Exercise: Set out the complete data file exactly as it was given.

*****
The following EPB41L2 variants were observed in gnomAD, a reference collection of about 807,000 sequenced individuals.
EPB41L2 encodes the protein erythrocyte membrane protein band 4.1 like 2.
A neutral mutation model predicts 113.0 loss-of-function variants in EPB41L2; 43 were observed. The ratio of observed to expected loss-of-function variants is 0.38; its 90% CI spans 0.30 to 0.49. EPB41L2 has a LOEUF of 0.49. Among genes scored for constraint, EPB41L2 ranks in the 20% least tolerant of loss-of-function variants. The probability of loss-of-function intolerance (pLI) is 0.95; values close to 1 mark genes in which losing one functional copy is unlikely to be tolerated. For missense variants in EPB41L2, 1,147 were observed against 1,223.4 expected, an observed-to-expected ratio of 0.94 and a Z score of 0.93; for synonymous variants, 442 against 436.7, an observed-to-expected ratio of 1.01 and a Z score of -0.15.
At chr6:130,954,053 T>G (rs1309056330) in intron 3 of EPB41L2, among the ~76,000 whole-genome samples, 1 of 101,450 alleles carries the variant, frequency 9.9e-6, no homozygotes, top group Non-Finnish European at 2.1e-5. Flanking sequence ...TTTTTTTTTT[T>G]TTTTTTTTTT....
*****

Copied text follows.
The following EPB41L2 variants were observed in gnomAD, a reference collection of about 807,000 sequenced individuals.
EPB41L2 encodes the protein erythrocyte membrane protein band 4.1 like 2.
A neutral mutation model predicts 113.0 loss-of-function variants in EPB41L2; 43 were observed. The ratio of observed to expected loss-of-function variants is 0.38; its 90% CI spans 0.30 to 0.49. EPB41L2 has a LOEUF of 0.49. Among genes scored for constraint, EPB41L2 ranks in the 20% least tolerant of loss-of-function variants. The probability of loss-of-function intolerance (pLI) is 0.95; values close to 1 mark genes in which losing one functional copy is unlikely to be tolerated. For missense variants in EPB41L2, 1,147 were observed against 1,223.4 expected, an observed-to-expected ratio of 0.94 and a Z score of 0.93; for synonymous variants, 442 against 436.7, an observed-to-expected ratio of 1.01 and a Z score of -0.15.
At chr6:130,954,053 T>G (rs1309056330) in intron 3 of EPB41L2, among the ~76,000 whole-genome samples, 1 of 101,450 alleles carries the variant, frequency 9.9e-6, no homozygotes, top group Non-Finnish European at 2.1e-5. Flanking sequence ...TTTTTTTTTT[T>G]TTTTTTTTTT....